EU Commission publishes summary of contributions received from its 'call for evidence' on EU regulatory framework for financial services
The EU Commission has published a summary of contributions received to its call for evidence on the EU regulatory framework for financial services launched in 30 September 2015. Following the conclusion of a public consultation, the Feedback Statement sets out how the respondents viewed – the rules affecting the ability of the economy to finance itself, unnecessary regulatory burdens, inconsistencies and gaps in legislation and any unintended consequences of rules. Issues identified include the possibility of the proposed financial transaction tax being a barrier to investment in EU companies, the burdens imposed by the liquidity coverage ratio and the Market Abuse Regulation (in relation to SME growth market issuers) respectively and unequal treatment between real estate and infrastructure. In addition, some respondents felt that the complex regulatory frameworks were a barrier to entry for smaller market participants and some pointed to compliance costs as an issue.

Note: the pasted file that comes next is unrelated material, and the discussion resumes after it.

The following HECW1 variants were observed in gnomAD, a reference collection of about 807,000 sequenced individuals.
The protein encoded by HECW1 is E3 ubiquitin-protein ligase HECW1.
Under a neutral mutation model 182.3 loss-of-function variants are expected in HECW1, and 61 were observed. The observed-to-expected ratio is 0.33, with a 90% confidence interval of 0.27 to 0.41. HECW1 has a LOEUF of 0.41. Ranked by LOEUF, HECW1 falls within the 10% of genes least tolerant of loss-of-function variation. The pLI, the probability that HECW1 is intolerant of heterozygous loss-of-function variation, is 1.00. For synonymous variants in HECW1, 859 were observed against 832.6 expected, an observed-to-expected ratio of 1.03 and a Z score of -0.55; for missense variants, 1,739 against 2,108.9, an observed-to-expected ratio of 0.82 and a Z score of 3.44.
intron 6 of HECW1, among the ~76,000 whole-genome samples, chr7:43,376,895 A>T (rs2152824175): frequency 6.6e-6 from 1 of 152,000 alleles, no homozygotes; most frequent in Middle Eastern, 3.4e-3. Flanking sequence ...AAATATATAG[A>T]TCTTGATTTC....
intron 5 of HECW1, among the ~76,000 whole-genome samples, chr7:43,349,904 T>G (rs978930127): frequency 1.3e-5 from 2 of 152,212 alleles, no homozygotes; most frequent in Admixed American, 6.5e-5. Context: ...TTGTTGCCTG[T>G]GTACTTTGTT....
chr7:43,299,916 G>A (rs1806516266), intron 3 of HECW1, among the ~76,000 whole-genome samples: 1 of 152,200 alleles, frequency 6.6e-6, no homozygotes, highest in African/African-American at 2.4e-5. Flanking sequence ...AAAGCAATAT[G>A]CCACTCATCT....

EU Parliament's Committee on Economic and Monetary Affairs publishes draft report on the Green Paper on Retail Financial Services
The EU Parliament's ECON committee has published a draft report on the Green Paper on Retail Financial Services, where it supports the EU Commission's green paper. The report endorses the EU Commission's 'dynamic approach to policy making' in targeting a number of areas in the paper which might complement current legislation were these rules introduced. The ECON Committee has underlined the importance of getting level two measures 'fit and proper' ahead of time and has stated that the EU Commission Green Paper is timely since digitalization of financial services is fast opening new market possibilities. The ECON Committee does state in its report, however, that the ideas set out in the Green Paper would need to be underpinned by empirical information before embarking on a legislative process. The challenges (amongst others) of introducing legislation in this field, according to the report, are making identification work in practice and ensuring that legislative initiatives proposed will be technology and business neutral to allow for change.